South Korea was a lucky place for Yuzuru Hanyu in 2018, and almost two years to the day since he captured his second Olympic crown, he was back — this time in the hunt for a title that had thus far eluded him.
Hanyu arrived at the 2020 Four Continents Championships in Seoul in early February, armed with two tried and trusted programs (Chopin’s “Ballade No. 1” and Shigeru Umebayashi’s “Seimei”), two new costumes, but just one goal. The programs, which took him to Olympic gold at the 2018 Winter Games in PyeongChang, were initially dedicated to two of his idols, Evgeni Plushenko and Johnny Weir. This time, Hanyu said, he was skating them for himself.
With the Four Continents title the only one missing from Hanyu’s vast collection, the 25-year-old stated from the outset that he intended to give his best performances in order to achieve his goal of winning this crown. Competing in his fourth Championships in 10 years, Hanyu opened his quest for gold with a mesmerizing short program performance that brought the house down. Clean, crisp jumps combined with engaging artistry were rewarded with 111.82 points, bettering the 110.53 World record he set at Rostelecom Cup in November 2018.
As Hanyu took his bows at the end of his routine, hundreds of Pooh Bears rained down from the stands. Exiting the ice, he saw the army of flower retrievers dashing around picking up the gifts. Hanyu halted his exit and also began gathering them up and tossing them over the boards. “I was happy to skate and to see many Poohs on the ice. So many skaters worked to collect the dolls and I really appreciated working with them,” he said with a wide smile. “I was working as a flower kid in my hometown when I was 12 or 13 years old. It was a first experience for me today and I felt happy. I felt like a child again.”
An obviously relieved Hanyu was also happy that all his jumps and spins were clean. “Today I was skating for myself and it was very delightful to end my program perfectly,” the Sendai native said. “Also, I tried not to lose my flow till my final pose. Today’s performance was the most perfect I’ve ever done. I think I skated with elegance and tried to express my music deeply with feeling. I could jump higher and with more perfection, so I am really satisfied. The more I skate the program, the better it gets.
“I became more confident as the program progressed because I felt so good while I skated. I just skated without thinking. Lately, I have been thinking a lot before jumping and that I should jump clean with an image in my mind. But I just skated without a lot of thoughts today. Therefore, I was so happy to finally produce a satisfactory result.”
When asked about his record score, Hanyu said that prior to the competition he had set a personal goal to earn more than 110 points.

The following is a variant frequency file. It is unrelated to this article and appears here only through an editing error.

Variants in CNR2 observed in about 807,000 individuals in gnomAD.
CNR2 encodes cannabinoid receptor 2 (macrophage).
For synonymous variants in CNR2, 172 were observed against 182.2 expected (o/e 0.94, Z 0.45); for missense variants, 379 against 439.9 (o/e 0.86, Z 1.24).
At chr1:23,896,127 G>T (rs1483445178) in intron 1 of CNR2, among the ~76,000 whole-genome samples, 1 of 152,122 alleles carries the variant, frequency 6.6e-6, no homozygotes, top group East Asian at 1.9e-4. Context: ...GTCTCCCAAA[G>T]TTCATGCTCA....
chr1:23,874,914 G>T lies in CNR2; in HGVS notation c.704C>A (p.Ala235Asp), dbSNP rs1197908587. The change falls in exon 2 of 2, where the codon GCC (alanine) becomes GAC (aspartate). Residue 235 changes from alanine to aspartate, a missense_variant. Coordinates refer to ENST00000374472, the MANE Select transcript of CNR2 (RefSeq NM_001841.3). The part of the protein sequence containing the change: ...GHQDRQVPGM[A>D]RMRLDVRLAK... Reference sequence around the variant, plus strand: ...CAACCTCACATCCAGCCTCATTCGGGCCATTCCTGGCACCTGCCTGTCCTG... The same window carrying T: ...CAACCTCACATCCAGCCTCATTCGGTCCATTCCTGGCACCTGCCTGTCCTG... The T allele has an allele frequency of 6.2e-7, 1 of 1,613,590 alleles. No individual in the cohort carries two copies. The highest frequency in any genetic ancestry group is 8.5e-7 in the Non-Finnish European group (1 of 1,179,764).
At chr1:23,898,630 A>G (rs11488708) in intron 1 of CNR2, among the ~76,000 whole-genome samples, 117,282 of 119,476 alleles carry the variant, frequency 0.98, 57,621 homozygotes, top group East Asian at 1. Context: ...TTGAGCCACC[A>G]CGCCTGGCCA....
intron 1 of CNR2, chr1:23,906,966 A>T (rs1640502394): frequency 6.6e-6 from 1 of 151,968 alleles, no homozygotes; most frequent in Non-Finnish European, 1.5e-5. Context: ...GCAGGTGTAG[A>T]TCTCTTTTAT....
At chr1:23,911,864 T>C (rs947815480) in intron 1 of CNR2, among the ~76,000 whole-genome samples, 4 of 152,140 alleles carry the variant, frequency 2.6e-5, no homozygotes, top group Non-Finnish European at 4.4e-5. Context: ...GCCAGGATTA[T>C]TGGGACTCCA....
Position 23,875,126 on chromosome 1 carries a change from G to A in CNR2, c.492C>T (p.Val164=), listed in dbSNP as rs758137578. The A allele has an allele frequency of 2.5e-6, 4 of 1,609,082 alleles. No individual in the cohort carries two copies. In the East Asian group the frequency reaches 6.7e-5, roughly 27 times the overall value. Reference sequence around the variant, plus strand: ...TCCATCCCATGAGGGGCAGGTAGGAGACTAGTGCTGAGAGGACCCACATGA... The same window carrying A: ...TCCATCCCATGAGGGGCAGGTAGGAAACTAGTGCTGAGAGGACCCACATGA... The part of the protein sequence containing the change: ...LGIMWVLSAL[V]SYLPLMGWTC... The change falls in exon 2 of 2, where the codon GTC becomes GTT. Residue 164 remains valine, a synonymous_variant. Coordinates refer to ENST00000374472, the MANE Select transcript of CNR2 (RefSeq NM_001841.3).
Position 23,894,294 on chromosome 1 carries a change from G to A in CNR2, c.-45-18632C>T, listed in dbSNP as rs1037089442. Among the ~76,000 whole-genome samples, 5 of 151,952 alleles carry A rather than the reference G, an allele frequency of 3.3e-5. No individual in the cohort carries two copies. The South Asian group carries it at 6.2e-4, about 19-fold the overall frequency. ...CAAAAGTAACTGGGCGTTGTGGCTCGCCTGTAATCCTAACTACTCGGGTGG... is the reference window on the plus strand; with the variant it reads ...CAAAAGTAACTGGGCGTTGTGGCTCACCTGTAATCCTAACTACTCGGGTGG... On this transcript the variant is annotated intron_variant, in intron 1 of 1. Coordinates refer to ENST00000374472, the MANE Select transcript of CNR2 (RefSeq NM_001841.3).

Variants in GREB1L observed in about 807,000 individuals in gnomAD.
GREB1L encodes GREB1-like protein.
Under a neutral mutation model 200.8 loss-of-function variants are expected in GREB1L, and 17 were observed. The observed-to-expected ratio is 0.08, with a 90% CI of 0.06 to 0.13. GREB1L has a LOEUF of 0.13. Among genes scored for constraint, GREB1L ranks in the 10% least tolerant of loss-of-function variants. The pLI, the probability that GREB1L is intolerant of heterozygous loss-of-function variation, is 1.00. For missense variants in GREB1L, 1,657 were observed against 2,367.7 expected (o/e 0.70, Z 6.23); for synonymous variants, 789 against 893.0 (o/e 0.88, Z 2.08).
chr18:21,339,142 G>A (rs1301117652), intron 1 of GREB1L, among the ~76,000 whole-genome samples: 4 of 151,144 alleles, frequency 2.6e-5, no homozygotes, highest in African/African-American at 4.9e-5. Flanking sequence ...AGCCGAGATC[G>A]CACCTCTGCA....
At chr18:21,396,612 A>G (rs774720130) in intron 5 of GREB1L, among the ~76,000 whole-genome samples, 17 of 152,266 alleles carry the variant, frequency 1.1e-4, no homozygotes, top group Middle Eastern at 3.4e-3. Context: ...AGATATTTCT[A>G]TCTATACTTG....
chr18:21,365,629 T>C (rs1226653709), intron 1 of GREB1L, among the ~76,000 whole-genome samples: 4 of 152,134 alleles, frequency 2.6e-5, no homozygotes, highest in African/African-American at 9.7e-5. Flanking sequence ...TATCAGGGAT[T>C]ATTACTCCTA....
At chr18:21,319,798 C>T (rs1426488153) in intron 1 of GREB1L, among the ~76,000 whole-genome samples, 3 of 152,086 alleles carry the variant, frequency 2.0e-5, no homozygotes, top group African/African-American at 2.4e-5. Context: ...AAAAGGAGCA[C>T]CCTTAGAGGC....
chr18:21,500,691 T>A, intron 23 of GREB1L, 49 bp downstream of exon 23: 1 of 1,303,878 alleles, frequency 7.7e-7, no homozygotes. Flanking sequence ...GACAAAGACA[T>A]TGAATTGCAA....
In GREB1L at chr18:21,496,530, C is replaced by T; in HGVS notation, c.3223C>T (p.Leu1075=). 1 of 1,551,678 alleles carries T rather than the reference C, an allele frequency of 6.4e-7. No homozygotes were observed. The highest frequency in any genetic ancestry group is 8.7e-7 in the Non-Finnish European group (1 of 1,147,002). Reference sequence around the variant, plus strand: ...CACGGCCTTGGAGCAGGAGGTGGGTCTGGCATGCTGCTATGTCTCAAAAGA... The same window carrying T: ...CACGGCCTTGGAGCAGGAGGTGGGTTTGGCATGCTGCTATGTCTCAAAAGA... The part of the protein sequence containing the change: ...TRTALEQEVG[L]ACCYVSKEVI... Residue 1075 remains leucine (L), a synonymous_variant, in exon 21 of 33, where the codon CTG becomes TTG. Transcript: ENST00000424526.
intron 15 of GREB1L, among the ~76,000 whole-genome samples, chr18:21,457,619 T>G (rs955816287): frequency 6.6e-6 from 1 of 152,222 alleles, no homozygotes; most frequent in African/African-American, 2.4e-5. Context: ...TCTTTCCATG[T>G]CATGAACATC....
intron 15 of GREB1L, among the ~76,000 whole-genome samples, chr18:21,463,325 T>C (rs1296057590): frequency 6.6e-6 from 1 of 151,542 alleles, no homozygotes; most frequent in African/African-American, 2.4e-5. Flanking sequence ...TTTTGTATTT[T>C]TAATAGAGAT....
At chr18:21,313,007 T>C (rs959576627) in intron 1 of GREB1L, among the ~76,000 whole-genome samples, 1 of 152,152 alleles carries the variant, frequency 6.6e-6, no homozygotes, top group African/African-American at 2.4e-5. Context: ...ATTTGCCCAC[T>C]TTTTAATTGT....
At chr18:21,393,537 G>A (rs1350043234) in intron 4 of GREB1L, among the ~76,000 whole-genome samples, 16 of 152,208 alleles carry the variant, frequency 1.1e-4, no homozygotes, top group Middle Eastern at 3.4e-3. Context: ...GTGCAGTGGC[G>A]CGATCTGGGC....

Two days later the Japanese star took to the ice for the men’s free skate. Following the success of his short program — and with a 15.99- point lead — expectations were high that Hanyu would succeed in his quest to claim the title. However, the long program was no walk in the park for the two-time Olympic champion. Hanyu opened his “Seimei” program with a hand down on the opening quad Lutz. Unfazed, he moved on to a quad Salchow and a triple Axel. His next jump, a triple flip, received an edge call, and midway through the program he stumbled out of a three-jump combination (quad toe-Euler-triple Salchow) and then fell on a quad toe loop.
Despite the mistakes, Hanyu was still the class of the field. With 187.60 points for the segment and a combined total of 299.42 he fulfilled his goal of capturing his first Four Continents title and did so with a 24.60-point margin. With this victory, Hanyu has now won every major title in both the junior and senior ranks, the first man to ever accomplish this feat.
“To be honest, I was unusually nervous and it was difficult to concentrate. I can’t say I’m happy about my performance, but I really wanted to win this competition,” said Hanyu. “I tried my best and though I am disappointed with my mistakes, I will be able to prepare for the World Championships by analyzing them.
“I feel a special moment for this long program because I won the Olympic Games with it. I think the fans really want to protect their memory of this program and I actually feel the same. I was afraid to do it again, but I feel totally different between PyeongChang and now. I haven’t yet perfected this routine. I have to put more time into it and I will continue to work on it. I just want to show something and this is important. I don’t care about ranking and points.”
Hanyu said he is constantly amazed by the warm support shown to him by the South Korean fans. “I am really thankful for their support even though I am Japanese. I am even more grateful because I know that such heartfelt and loud cheering from the Korean fans is something that transcends all relationships between Japan and Korea. So I want to say thank you very much to them.
“I feel a little relaxed or relieved about winning this Championship because it was one of the first senior competitions I participated in, but I found it so difficult to win. My first Four Continents Championships was in 2011, just before the big earthquake in Japan … so, to be honest, my memories are a bit shaky.
(Originally published in the IFS April 2020 issue)